“With Foxconn, we aim to create four new families of chips that will cover over 80% of our semiconductor needs, helping to significantly modernise our components, reduce complexity and simplify the supply chain. This will also boost our ability to innovate faster and build products and services at a rapid pace.”
The deal should allow Stellantis’s growth to continue. It became Europe’s best-selling manufacturer in November, overtaking the Volkswagen Group for the first time since its inception. It claimed a 21.0% market share, largely thanks to the success of the Peugeot 208 and Peugeot 2008.
The deal with Foxconn will also involve research into reducing the complexity of semiconductors, which Stellantis believes will be important as vehicles become “increasingly software-defined”.
Tesla managed the semiconductor crisis more positively than a number of other firms last year, but CEO Elon Musk believes shortages will last through the year.
Describing the situation in unique terms, Elon Musk said: “I think there’s some degree of the toilet paper problem as well, where, you know, there was a toilet paper shortage during COVID, and like, obviously, it wasn’t really certainly a tremendous enhanced need for ass wiping. It’s just people panicking…”
Tesla also removed one of its electronic control units from its steering racks in China-built Model 3 and Model Y cars to ensure it hit quarter four sales targets, CNBC reported. Models affected included those shipped to customers in Australia, China, Germany, and the UK. Customers were not told about the omission, but the firm insisted the removed part was a redundant back-up unit.
Toyota is expecting to miss its 9 million vehicle production target because of competition for semiconductors, the firm has said.
The shortfall in supply meant the firm did not have the levels required to ramp up output to offset production lost during the covid-19 pandemic last year, reports Reuters.
“Hitting the 9 million mark is going to be extremely difficult,” said Kazunari Kamakura, Nissan executive, in an online briefing.
Toyota has also stopped production at its Tsutsmumi factory after 14 employees tested positive for covid-19.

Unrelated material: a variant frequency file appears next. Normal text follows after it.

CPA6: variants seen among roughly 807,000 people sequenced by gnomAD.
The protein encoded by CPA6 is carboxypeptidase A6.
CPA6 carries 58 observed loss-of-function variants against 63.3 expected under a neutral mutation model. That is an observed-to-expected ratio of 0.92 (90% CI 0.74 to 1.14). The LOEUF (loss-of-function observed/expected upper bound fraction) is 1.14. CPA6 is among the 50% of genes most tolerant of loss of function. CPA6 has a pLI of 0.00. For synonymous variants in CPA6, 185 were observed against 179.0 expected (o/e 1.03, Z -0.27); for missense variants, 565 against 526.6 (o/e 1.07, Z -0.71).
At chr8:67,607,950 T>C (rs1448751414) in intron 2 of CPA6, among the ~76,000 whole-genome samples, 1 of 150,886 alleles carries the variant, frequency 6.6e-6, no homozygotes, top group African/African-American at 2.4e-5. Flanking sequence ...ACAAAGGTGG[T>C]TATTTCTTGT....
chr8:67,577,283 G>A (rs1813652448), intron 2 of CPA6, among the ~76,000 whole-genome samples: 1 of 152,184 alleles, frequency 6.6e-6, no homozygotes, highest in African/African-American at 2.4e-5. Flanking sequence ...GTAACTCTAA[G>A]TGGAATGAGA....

The halt in production will affect the Camry and Corolla, with the closure lasting four days. Some 1500 vehicles will be lost, reports Automotive News Europe.
The Japanese automaker has been badly hit by factory closures. Last year production of the Land Cruiser SUV was impacted, while Lexus models also felt similar cuts accounting for 14,000 lost vehicles.
Six of its 28 factories were shut down in November last year, while production was slashed in August due to Covid-19 and a fire at one of its major facilities.
Volkswagen Group will cut night shifts at its Wolfsburg factory as a result of the semiconductor crisis, Automotive News Europe reports.
Workers usually earn extra pay when working night shifts, but work on three assembly lines will stop from the start of quarter two.
The move has frustrated members of the firm’s leading labour groups. Daniela Cavallo, labour leader, said: “Our colleagues are not responsible for the fact that order books are overflowing while we cannot make the vehicles because of the lack of semiconductors,” Cavallo said in the post. “We will fight for partial compensation.”
The Volkswagen brand finished as the best-selling brand in Europe last year, despite a drop in overall sales.
“Volkswagen is continuing to press ahead with the transition to e-mobility despite the limited supply of semiconductors,” said Ralf Brandstätter, Volkswagen CEO.
Volkswagen sales dropped by 8% in 2021 despite its rapid shift to electric cars, which the manufacturer has attributed to “the lagging supply of semiconductors,” which “caused limitations in production throughout the course of the year.”
“Volkswagen achieved satisfactory sales under extremely challenging conditions. The massive effects on production brought on by the semiconductor situation could not be entirely compensated for over the course of the year, however,” said Klaus Zellmer, sales and marketing board member at Volkswagen.
“Nonetheless, our record-breaking order backlog of 543,000 vehicles in Europe alone – thereof 95,000 IDs – shows clearly that the demand for Volkswagen vehicles continues to be very high,” Zellmer said.
Porsche has a more positive outlook for 2022, predicting record sales despite global shortages.
“When I look at the current orders, I am confident for 2022. Growth in sales could reach a similarly high level this year as in 2021,” Porsche board member for sales Detlev von Platen told Automobilwoche.
Skoda’s extended christmas break ended on 10 January because of disruptions to parts deliveries. The Czech brand suffered a 12.9% drop in sales in 2021, marking the first time the firm has sold less than one million cars for eight years.
Skoda boss Thomas Schäfer has predicted semiconductor supplies to improve in the second half of 2022. “The Covid-19 pandemic and the shortage of semiconductors have significantly slowed down our growth,” Schäfer said.
“We expect the semiconductor supply situation to gradually ease in the second half of the year. I am looking ahead with confidence,” he added, stating the brand’s upcoming products and high customer demand have improved its outlook for the future.
“2021 was not the year we expected”, said Wayne Griffiths, Seat and Cupra CEO. The Spanish company’s sales grew 10.3% last year, despite the covid-19 pandemic and supply issues.
“After working hard to fight the effects of the COVID-19 crisis, our activities were severely affected by the semiconductor shortage,” Griffiths said. “Demand for SEAT and CUPRA products has returned to pre-pandemic levels, and the shortage of semiconductors is creating frustration among our customers due to the high delivery times they have to face.”
Griffiths says the “progressive recovery in the supply situation” will continue into 2022, but is also optimistic for the year ahead.